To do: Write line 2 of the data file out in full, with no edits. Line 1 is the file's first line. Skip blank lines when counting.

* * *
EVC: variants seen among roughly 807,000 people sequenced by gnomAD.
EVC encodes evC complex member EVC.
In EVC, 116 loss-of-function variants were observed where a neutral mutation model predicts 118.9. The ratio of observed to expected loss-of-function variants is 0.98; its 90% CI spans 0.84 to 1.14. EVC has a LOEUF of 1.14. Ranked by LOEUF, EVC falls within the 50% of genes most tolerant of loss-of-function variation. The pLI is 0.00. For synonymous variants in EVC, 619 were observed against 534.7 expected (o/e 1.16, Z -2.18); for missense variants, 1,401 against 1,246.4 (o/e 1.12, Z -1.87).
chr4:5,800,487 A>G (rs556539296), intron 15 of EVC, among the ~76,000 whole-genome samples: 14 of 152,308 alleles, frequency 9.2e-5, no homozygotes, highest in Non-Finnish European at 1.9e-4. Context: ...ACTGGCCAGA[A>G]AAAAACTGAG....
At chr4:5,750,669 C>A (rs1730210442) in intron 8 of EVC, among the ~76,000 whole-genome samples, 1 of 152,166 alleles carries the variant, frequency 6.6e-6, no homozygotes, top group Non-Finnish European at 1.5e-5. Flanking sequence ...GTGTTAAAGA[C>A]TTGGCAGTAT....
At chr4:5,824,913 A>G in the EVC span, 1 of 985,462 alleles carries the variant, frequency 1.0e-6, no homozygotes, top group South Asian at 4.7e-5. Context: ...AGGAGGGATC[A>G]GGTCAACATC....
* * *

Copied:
EVC encodes evC complex member EVC.